Campaigns Need Long Legs, Not Annual Amputations

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Writing on AdPulp and in his TalentZoo column, Dan Goldeier makes, correctly, the argument most campaigns are no longer given the time they need to build momentum and to enter the psyche of the consumer long enough to mean anything. He asks the question, "are ad campaigns given enough time to work these days?"

The answer is a resounding no and that, shortsightedly, been the case for a very long time. No one wants to, or is afraid to, invest the long periods of time it takes for a campaign to truly build. Everyone in marketing is too fickle and they are more concerned with advancing their own careers than advancing the success of the brands on which they work.

Dan is absolutely correct in his assessment that it's bullshit to assume the public tires of a campaign as quickly as marketers claim they do. That has nothing to do with it. The frenetic change is a result of those in the business who are out for themselves and concerned only with presenting the next new thing that will make them look cool in the eyes of the client or their superiors.

It takes years...YEARS for a campaign's message to sink in and all this crap about CMO's wanting to "make their mark" is destroying the entire purpose of advertising: to create a memorable brand that is identifiable and will sell product to those who identify with it. People don't change their habits overnight, if ever, in most case. They become comfortable and form buying habits with particular products and it takes more than a witty tagline to sway them into forming new habits.

It's almost as if we've all become a bunch of spoiled, whining brats who just want our way all the time despite what might be best for the greater good. And that's very, very wrong when it comes to creating a successful advertising campaign.

by Steve Hall    Sep- 4-08   Click to Comment   
Topic: Agencies, Brands, Campaigns, Opinion   

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Comments



Comments

This is a true observation but some brands do longevity very well - Absolut of course comes to mind and Apple as well as Diesel denim. The thing that we don't see often enough though is companies taking media buy risks to create the buzz from the grass roots level up. Campaigns come and go but good or bad the ones that last have created a foundation for their brand by starting small and viral and building fast and then repeating this process every few fiscal quarters. All the three brands mentioned above have gone that route but you can see it with many more. It's not just longevity. You can run the same campaign en-masse for years but if it hasn't resonated to actual consumers on a personal level it won't adhere. And as far as creatives just trying to push their careers - well duh - who isn't. I think it's a little more complicated than that though - human resource turn over, brand direction shift, economic dips and corporate buy-outs and take overs have just as much to do with the life-span of a brand message as anything else.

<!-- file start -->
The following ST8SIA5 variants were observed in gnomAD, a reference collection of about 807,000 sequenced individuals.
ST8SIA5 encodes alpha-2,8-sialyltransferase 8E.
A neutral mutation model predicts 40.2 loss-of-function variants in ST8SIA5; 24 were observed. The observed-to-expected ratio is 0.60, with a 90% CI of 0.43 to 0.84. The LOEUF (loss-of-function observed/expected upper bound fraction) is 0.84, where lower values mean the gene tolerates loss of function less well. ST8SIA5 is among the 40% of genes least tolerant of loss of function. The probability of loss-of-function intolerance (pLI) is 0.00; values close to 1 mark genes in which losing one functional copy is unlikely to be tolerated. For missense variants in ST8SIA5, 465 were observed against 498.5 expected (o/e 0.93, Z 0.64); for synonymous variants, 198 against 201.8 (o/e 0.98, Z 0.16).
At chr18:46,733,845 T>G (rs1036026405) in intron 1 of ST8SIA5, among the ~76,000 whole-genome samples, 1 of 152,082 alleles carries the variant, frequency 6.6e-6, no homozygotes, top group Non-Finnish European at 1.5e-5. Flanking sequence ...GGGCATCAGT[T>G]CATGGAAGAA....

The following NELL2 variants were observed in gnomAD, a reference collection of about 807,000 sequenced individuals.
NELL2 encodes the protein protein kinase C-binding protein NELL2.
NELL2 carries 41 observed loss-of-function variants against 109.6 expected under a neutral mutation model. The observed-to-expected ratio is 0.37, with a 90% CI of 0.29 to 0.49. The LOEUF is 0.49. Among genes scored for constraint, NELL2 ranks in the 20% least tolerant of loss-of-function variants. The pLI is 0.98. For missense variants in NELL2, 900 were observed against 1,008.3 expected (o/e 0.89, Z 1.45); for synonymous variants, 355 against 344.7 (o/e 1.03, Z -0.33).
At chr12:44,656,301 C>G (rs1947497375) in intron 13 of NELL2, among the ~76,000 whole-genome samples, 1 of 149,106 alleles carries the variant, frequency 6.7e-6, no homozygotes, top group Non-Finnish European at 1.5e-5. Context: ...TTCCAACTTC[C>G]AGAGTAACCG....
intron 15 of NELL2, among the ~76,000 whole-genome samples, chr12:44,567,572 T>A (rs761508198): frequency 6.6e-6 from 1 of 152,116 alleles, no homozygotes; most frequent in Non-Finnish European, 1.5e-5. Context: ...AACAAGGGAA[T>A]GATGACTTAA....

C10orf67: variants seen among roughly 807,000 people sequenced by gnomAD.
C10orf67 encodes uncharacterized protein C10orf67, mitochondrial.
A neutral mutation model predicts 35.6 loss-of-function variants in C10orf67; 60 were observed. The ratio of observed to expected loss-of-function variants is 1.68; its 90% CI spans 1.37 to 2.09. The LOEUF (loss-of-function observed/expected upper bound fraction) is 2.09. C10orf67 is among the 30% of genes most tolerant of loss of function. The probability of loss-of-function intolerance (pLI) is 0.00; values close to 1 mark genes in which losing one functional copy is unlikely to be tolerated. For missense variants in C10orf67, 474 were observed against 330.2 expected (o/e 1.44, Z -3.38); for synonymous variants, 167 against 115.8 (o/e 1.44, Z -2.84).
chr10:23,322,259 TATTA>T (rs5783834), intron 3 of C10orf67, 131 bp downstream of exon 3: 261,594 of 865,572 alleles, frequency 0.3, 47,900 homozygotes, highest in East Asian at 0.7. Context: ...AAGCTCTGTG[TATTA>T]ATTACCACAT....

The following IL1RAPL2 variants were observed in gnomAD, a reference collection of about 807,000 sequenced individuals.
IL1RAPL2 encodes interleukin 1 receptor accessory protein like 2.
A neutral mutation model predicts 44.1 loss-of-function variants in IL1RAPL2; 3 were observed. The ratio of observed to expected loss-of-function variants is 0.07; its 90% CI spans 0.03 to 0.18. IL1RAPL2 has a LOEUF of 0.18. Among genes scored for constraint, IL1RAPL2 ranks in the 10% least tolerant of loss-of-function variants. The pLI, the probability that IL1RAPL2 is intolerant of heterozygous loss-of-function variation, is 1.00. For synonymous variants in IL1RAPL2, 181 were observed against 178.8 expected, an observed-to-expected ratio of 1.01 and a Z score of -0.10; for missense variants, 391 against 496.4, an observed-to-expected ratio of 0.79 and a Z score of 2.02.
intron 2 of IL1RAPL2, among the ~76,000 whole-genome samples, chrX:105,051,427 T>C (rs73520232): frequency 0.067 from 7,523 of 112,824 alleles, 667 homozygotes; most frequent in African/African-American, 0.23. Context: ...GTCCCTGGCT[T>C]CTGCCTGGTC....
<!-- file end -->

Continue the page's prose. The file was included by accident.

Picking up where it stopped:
Posted by: Spyro Poulos on September 4, 2008 11:26 AM

This is a true observation but some brands do longevity very well - Absolut of course comes to mind and Apple as well as Diesel denim. The thing that we don't see often enough though is companies taking media buy risks to create the buzz from the grass roots level up. Campaigns come and go but good or bad the ones that last have created a foundation for their brand by starting small and viral and building fast and then repeating this process every few fiscal quarters. All the three brands mentioned above have gone that route but you can see it with many more. It's not just longevity. You can run the same campaign en-masse for years but if it hasn't resonated to actual consumers on a personal level it won't adhere. And as far as creatives just trying to push their careers - well duh - who isn't. I think it's a little more complicated than that though - human resource turn over, brand direction shift, economic dips and corporate buy-outs and take overs have just as much to do with the life-span of a brand message as anything else.

Posted by: Spyro Poulos on September 4, 2008 11:28 AM

Thanks for the kind words, Steve!

Posted by: Dan Goldgeier (aka Danny G) on September 4, 2008 12:04 PM

I agree with you. I think they are very valid points. However, I wouldn't be doing my job as a copywriter if I didn't point out the typo in the the last line of the article. It should be "our" not "tour." Anyway keep up the good work. I have been reading you for years.

Posted by: Keith on September 10, 2008 3:02 PM

I agree with you. I think they are very valid points. However, I wouldn't be doing my job as a copywriter if I didn't point out the typo in the the last line of the article. It should be "our" not "tour." Anyway keep up the good work. I have been reading you for years.

Posted by: Keith on September 10, 2008 3:03 PM







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